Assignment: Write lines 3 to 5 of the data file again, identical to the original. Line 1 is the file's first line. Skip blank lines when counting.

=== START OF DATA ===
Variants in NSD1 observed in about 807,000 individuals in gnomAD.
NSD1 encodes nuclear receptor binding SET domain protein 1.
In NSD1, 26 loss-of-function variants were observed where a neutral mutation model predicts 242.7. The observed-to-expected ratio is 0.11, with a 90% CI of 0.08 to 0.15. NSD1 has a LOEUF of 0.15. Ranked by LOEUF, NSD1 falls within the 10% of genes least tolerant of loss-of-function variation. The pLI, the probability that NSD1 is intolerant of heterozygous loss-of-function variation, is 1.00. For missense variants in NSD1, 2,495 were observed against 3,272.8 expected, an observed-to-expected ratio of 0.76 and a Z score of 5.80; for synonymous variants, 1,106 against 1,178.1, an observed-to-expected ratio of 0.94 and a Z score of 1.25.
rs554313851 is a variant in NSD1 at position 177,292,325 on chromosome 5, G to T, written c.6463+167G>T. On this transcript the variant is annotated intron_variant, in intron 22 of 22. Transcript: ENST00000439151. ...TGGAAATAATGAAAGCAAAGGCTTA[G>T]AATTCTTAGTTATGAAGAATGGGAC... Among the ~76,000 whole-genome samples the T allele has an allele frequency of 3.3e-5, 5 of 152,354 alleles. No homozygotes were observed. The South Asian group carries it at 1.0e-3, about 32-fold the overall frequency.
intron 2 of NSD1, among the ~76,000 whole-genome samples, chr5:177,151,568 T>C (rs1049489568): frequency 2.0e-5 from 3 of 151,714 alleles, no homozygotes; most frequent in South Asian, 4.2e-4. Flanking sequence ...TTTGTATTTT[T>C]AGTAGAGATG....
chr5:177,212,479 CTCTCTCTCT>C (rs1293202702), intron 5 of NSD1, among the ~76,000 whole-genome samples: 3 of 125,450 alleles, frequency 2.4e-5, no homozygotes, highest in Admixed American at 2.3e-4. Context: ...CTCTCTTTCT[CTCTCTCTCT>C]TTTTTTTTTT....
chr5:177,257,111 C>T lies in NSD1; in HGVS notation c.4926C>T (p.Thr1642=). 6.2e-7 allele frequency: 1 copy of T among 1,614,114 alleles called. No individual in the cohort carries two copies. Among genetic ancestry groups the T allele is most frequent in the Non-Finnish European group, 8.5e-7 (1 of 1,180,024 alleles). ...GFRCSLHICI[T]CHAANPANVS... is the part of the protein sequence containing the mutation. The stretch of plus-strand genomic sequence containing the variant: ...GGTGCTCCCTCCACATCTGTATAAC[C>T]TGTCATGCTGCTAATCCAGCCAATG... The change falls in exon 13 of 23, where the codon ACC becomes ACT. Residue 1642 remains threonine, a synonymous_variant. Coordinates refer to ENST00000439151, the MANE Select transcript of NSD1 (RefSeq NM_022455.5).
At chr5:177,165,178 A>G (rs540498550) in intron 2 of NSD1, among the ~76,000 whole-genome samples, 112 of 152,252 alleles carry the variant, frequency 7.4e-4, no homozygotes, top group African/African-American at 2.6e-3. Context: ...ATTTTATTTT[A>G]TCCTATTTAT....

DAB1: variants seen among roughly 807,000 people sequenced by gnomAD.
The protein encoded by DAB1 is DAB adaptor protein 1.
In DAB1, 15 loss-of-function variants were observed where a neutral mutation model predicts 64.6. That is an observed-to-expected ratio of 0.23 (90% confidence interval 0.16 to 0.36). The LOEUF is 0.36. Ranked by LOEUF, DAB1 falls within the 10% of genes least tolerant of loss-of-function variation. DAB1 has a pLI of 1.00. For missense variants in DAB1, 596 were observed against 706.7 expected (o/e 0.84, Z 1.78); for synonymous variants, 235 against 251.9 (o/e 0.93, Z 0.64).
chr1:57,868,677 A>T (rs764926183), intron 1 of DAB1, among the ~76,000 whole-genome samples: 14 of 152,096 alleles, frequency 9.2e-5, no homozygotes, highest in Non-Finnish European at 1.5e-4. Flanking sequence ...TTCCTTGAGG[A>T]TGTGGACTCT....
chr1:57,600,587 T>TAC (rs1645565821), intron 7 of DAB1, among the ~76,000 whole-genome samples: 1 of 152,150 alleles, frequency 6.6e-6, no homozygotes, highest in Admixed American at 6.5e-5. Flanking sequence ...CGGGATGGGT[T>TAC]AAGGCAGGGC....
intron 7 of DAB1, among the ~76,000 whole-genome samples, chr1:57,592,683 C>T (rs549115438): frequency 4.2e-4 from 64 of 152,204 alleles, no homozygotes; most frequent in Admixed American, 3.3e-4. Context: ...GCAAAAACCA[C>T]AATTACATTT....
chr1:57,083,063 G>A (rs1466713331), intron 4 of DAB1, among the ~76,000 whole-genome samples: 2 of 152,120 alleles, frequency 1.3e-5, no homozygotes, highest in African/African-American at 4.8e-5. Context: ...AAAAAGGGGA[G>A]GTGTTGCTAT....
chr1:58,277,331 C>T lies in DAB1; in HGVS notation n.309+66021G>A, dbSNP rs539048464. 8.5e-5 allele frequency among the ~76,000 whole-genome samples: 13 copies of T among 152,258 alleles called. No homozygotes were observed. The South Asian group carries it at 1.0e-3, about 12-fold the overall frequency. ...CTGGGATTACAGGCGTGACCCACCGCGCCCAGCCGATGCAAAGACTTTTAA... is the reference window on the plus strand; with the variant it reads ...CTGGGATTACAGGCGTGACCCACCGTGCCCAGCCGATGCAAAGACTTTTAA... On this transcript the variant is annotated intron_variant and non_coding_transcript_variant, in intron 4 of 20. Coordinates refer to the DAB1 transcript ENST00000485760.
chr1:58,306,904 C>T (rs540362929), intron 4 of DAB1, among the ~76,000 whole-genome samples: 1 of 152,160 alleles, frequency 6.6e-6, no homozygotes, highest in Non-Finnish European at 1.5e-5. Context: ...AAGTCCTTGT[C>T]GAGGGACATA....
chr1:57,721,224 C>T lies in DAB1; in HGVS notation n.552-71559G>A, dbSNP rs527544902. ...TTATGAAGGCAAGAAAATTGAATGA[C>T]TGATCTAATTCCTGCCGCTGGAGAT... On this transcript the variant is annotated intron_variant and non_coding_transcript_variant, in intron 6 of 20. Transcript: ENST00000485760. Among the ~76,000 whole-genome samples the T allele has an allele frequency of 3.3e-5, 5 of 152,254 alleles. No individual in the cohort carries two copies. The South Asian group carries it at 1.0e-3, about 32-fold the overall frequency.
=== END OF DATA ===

In NSD1, 26 loss-of-function variants were observed where a neutral mutation model predicts 242.7. The observed-to-expected ratio is 0.11, with a 90% CI of 0.08 to 0.15. NSD1 has a LOEUF of 0.15. Ranked by LOEUF, NSD1 falls within the 10% of genes least tolerant of loss-of-function variation. The pLI, the probability that NSD1 is intolerant of heterozygous loss-of-function variation, is 1.00. For missense variants in NSD1, 2,495 were observed against 3,272.8 expected, an observed-to-expected ratio of 0.76 and a Z score of 5.80; for synonymous variants, 1,106 against 1,178.1, an observed-to-expected ratio of 0.94 and a Z score of 1.25.
rs554313851 is a variant in NSD1 at position 177,292,325 on chromosome 5, G to T, written c.6463+167G>T. On this transcript the variant is annotated intron_variant, in intron 22 of 22. Transcript: ENST00000439151. ...TGGAAATAATGAAAGCAAAGGCTTA[G>T]AATTCTTAGTTATGAAGAATGGGAC... Among the ~76,000 whole-genome samples the T allele has an allele frequency of 3.3e-5, 5 of 152,354 alleles. No homozygotes were observed. The South Asian group carries it at 1.0e-3, about 32-fold the overall frequency.
intron 2 of NSD1, among the ~76,000 whole-genome samples, chr5:177,151,568 T>C (rs1049489568): frequency 2.0e-5 from 3 of 151,714 alleles, no homozygotes; most frequent in South Asian, 4.2e-4. Flanking sequence ...TTTGTATTTT[T>C]AGTAGAGATG....